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Avadex - part of a pre-em herbicide stack to fight black-grass

Black-grass-5

When it comes to managing 'difficult' grass weeds in cereal crops there is no silver bullet. What's required is a long-term plan that encompasses a range of measures which can be adapted to accommodate local conditions and seasonal variations.

Herbicide programmes remain an essential element of black-grass control. With the decline in activity of post emergence contact herbicides in many areas, due to resistance, it is crucial that we capitalise on the levels of control afforded by the residual herbicides used in a stack.

Avadex is one such residual well-suited to stacking and this year it's available in a granular and liquid form, making it accessible to more growers. 

Should you be using Avadex?

Growers with 'bad' black-grass problems are more than likely already using Avadex as part of the herbicide programme. However, if black-grass has only recently appeared on your farm, the first question is where has it come from? The reality is it is likely to have been imported onto the farm either on machinery or via straw or manure and is highly likely to carry some resistance. In these situations an early zero tolerance policy should be adopted and the inclusion of Avadex should definitely be considered.

When it comes to winter barley, post emergence grass weed options are limited, so again maximising the control from the pre-emergence spray is vital, Avadex will help with this.

If you have increasing problems with ryegrass and brome then think about including Avadex in the programme. 

Why Avadex?

While flufenacet remains the foundation active ingredient in the stack, tri-allate (Avadex) has proven its worth by, on average, adding 15-20% to the level of black-grass control in trials, Figure 1. It also offers good activity against ryegrasses, wild oats and bromes (subject to germination).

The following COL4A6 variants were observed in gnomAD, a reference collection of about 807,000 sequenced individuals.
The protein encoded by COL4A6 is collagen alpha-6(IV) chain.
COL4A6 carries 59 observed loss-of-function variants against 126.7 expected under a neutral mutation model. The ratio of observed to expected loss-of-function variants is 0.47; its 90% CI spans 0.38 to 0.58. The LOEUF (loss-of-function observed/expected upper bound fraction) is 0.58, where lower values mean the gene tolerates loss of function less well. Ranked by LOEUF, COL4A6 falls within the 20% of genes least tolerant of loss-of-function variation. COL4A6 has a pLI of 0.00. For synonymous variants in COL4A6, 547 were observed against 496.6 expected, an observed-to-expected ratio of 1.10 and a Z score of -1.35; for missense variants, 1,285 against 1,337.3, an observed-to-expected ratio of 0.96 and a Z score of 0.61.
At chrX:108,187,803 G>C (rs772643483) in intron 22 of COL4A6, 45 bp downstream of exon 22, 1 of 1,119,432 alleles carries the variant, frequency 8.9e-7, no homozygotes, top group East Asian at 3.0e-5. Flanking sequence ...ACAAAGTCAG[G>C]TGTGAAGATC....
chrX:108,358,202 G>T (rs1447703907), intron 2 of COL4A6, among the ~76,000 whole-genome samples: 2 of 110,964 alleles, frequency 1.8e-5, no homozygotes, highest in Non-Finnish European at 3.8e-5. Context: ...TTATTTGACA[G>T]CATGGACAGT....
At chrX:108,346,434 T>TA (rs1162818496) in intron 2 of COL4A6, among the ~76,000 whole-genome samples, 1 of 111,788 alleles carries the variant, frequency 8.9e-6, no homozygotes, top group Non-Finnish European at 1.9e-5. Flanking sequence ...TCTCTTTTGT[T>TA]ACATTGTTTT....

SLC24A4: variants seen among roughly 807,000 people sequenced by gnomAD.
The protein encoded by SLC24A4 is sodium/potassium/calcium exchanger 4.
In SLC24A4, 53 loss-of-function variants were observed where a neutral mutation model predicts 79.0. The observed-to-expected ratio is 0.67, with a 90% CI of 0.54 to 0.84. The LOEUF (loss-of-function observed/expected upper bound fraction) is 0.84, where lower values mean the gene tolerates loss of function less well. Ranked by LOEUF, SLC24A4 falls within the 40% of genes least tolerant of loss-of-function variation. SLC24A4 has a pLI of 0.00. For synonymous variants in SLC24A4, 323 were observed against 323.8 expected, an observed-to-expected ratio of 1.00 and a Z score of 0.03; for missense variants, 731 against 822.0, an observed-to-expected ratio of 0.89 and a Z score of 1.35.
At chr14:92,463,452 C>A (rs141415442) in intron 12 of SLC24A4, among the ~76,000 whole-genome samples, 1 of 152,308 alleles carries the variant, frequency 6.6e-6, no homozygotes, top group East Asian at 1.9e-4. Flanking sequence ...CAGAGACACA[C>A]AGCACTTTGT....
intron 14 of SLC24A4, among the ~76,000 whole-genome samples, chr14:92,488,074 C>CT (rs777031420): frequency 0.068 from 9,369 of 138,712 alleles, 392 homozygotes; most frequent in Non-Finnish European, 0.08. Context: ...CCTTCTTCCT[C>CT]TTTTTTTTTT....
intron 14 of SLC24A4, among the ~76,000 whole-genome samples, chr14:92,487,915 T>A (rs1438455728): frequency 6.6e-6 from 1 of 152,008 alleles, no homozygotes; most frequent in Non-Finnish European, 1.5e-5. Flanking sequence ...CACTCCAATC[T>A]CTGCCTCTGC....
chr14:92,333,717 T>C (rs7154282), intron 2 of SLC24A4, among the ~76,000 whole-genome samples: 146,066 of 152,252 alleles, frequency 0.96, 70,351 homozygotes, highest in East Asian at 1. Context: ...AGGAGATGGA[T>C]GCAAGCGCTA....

A robust residual stack should focus on stacking different modes of action. With that in mind Avadex (which is in HRAC resistance group N) differs from the actives found in the likes Liberator and Crystal, meaning it is well suited to stacking with these.

This year Avadex is available in two formulations, the granule (Avadex Excel 15G) and a 450g/L liquid formulation (Avadex Factor). While the granule formulation remains the strongest product, the liquid formulation will allow those growers without access to the necessary application equipment to include the active ingredient. 

Figure 1 Frontier trial 2016/17. 

Benefit of applying Avadex pre-emergence as part of the residual stack. Pre-em applied 17th October, early post-em BBCH 12 – 2nd November and post emergence 29th November BBCH13 (black-grass growth stages).

Finally, I'll leave you with a few timely words of advice on effective use of Avadex this season:

  1. Ensure drilling depth is correct – 40mm for wheat – barley is less critical
  2. Ensure Avadex application equipment is calibrated and check spread pattern
  3. Keep deflector plates clean and at the right angle
  4. Operators need to be qualified to PA4 G if using the granule
  5. Avadex has to be applied pre-emergence. Aim to apply as soon as possible after drilling and seedbed rolling
  6. Always use as part of a sequenced approach with other active substances.





Dr Paul Fogg
Crop production specialist 




For specific advice for your business related to this blog or any other aspect of crop production get in touch with Frontier.

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Friday, 14 August 2020

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